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'If Biden Wants to Be FDR, He Should Immediately Cancel Student Debt': President-Elect Urged to Go Big

"Young people voted for Biden in record numbers—he owes us this one."

Progressives are calling on President-elect Joe Biden and his Education Department to cancel student debt. (Photo: YouTube/screenshot)

Progressives are calling on President-elect Joe Biden to immediately cancel student loan debt upon taking office in January, a move proponents say would transform the lives of millions of working Americans, boost the economy, and position Democrats to maintain popular majorities long into the future.

While the Republican Party may well retain control of the U.S. Senate following last week's elections—though Democratic victories in Georgia's two runoff elections planned for January could change that—Biden would be able to use his executive authority to clear all student debt held by 42 million Americans, totaling $1.6 trillion. 

As the debtors' union Debt Collective wrote in an extensive Twitter thread over the weekend, just as Biden was announced the projected winner of the 2020 election, the president-elect could direct his education secretary to "UNILATERALLY cancel ALL student debt" using a provision in the Higher Education Act.

"Thus, the secretary of education—or her delegate—has the ability to cancel or write down claims against student debtors either unilaterally or in exchange for something else, apparently for any reason or for no reason," Debt Collective tweeted. 

The demand echoed a 2015 call by Sen. Elizabeth Warren (D-Mass.), who pushed President Barack Obama's Education Department to use a provision under the Higher Education Act known as "borrower defense" to cancel the debt of college students who were defrauded by for-profit institutions. Pressure from Warren pushed the department to clear hundreds of millions of dollars in student loans. 

Cancelling the debt of all student loan borrowers, said author and activist Naomi Klein on Tuesday, would put Biden on the path to running the country as President Franklin D. Roosevelt did as the U.S. faced the Great Depression.

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While running in the Democratic primary against progressive Sens. Bernie Sanders (I-Vt.) and Elizabeth Warren (D-Mass.)—who called for a complete cancellation of student loan debt and relief for up to $50,000 in debt for some households, respectively—Biden displayed skepticism of student loan forgiveness.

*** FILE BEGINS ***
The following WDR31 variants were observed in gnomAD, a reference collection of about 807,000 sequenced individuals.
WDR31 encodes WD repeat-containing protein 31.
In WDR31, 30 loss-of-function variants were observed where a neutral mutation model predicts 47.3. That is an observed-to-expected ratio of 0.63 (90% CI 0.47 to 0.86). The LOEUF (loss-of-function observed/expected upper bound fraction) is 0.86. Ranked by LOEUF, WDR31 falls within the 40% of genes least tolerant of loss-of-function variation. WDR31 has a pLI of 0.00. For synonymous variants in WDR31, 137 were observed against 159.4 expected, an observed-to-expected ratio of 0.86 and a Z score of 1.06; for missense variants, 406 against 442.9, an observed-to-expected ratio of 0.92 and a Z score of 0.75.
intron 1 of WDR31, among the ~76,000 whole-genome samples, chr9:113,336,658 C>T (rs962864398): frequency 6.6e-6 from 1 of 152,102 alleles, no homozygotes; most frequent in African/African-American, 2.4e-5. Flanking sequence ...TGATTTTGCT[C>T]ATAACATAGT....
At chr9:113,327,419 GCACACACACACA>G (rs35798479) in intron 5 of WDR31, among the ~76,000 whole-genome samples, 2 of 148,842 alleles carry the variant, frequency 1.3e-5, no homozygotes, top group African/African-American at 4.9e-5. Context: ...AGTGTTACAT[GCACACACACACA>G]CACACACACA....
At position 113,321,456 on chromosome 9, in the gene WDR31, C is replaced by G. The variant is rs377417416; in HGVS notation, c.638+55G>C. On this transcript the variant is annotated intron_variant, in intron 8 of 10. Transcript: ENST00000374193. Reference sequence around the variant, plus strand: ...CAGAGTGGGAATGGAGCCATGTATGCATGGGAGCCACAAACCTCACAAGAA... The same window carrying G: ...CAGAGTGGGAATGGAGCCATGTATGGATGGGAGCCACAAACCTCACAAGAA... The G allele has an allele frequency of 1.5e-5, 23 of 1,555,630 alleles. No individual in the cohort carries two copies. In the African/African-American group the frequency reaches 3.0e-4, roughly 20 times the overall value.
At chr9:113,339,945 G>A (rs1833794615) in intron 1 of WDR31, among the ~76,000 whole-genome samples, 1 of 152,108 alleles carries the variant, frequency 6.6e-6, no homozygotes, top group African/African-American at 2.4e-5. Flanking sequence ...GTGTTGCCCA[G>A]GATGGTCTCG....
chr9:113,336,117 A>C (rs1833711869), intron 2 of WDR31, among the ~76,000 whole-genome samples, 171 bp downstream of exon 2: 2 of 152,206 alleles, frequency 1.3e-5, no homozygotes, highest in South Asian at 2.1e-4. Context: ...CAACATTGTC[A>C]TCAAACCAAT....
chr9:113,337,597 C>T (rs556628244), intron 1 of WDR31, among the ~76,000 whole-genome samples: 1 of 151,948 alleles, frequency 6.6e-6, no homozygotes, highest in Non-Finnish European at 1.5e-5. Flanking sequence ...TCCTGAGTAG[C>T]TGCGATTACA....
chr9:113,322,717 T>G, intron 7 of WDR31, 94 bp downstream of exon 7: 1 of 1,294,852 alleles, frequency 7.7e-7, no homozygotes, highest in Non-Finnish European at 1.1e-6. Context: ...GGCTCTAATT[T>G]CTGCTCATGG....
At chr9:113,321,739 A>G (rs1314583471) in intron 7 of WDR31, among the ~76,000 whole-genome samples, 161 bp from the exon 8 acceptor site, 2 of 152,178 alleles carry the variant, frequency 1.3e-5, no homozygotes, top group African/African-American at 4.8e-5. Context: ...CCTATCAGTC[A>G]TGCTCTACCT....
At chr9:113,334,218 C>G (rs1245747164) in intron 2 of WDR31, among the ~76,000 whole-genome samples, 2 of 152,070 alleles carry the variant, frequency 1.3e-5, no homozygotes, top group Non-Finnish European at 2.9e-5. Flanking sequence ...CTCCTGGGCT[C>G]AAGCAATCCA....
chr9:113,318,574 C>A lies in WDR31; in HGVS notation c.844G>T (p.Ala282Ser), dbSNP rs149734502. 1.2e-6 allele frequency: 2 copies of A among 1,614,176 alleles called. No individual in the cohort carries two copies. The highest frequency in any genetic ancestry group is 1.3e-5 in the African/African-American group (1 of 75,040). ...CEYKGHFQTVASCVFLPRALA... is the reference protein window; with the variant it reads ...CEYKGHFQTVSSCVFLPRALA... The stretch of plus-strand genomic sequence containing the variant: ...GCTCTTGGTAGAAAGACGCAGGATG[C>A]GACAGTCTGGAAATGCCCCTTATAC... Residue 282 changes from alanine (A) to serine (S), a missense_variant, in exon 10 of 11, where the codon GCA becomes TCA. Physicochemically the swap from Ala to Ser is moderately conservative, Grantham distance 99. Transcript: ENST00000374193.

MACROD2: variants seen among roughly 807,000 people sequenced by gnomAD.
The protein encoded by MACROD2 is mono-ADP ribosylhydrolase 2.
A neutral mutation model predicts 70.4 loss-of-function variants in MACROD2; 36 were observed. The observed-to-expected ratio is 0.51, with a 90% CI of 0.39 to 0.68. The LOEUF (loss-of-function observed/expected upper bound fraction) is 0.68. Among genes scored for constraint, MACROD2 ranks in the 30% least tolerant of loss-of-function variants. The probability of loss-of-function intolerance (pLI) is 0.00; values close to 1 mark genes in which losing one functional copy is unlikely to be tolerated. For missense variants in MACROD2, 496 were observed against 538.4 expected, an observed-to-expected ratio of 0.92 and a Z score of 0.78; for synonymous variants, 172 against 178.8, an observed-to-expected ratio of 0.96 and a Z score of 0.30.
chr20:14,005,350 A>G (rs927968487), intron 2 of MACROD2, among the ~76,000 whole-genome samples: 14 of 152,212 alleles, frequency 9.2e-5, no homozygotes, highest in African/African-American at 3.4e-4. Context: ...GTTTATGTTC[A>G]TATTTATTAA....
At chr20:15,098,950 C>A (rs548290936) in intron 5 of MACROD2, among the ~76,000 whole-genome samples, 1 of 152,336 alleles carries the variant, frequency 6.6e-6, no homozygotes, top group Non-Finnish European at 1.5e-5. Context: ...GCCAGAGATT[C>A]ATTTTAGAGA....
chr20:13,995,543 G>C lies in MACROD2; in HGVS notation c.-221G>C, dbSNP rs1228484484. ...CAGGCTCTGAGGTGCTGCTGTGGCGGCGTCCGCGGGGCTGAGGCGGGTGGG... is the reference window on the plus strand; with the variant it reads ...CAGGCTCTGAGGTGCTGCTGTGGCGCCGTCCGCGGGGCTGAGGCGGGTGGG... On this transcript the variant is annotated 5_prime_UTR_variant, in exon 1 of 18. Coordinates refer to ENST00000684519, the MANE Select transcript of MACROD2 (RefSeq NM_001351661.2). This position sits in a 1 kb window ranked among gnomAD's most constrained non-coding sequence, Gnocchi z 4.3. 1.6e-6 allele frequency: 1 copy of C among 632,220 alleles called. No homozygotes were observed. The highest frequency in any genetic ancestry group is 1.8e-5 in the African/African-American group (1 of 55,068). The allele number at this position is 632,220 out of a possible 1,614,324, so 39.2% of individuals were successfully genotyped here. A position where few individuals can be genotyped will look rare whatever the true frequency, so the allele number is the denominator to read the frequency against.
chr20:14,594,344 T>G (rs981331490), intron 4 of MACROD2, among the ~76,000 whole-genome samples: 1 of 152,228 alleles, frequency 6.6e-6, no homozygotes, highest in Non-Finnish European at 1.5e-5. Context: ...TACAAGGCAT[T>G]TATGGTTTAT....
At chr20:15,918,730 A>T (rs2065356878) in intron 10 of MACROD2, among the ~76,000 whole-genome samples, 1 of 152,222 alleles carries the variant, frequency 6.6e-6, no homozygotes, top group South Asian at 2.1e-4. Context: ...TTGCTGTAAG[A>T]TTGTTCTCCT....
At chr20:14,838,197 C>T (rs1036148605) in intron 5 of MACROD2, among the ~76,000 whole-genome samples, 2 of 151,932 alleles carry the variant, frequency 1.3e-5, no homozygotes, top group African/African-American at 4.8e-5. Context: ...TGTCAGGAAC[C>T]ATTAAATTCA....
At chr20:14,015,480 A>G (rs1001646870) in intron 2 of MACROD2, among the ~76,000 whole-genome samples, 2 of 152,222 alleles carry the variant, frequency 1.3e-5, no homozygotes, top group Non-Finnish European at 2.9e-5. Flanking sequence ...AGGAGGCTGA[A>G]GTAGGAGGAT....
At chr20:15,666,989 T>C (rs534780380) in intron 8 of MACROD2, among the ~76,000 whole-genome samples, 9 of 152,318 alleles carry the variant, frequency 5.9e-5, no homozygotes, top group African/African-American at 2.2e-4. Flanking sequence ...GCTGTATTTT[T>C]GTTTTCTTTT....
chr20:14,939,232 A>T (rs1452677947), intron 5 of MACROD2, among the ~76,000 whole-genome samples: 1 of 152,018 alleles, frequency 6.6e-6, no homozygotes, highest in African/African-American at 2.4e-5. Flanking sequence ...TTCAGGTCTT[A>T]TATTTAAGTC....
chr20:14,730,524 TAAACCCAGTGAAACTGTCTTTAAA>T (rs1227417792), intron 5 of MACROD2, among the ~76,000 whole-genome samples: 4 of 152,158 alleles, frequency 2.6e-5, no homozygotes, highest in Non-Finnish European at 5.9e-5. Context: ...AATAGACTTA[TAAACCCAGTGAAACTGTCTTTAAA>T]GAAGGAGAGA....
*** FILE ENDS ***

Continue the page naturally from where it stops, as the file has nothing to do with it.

After winning the nomination, the president-elect unveiled a plan to cancel $10,000 in student loan debt for every year a public servant works, up to five years and halve payments for undergraduate federal student loans. He also endorsed proposals by Senate Democrats to offer $10,000 in student loan forgiveness for every borrower, amid the coronavirus pandemic. 

Warren was joined by Senate Minority Leader Chuck Schumer (D-N.Y.) in September in a more ambitious call, demanding that the White House wipe out $50,000 in student loan debt per borrower. 

In an interview with writer and commentator Anand Giridharadas on Saturday, Schumer repeated the call, saying Biden's first 100 days in office "ought to look like FDR's."

"Getting rid of student debt ... We believe that Joe Biden can do that with the pen as opposed to legislation," Schumer said.

Proponents say far-reaching action to cancel student loan debt would stimulate the economy by freeing up the household budgets of tens of millions of Americans, more than 25% of whom are currently behind in their loan payments. Action taken by Biden would also be broadly popular, a Hill/HarrisX poll taken last year showing that 58% of registered voters support student loan cancellation.

Progressives on social media on Tuesday echoed the call of Klein and Debt Collective. 

"Administrative student debt cancellation of any ambition would be most efficiently accomplished with a president fully committed to the project because it would require coordination across the executive branch," tweeted Debt Collective, calling on Americans to support its campaign. "That's why we need all of you and your political will and our collective pressure on Joe Biden and his secretary of education for her to use this authority and free tens and millions of Americans from crippling student loan debt."

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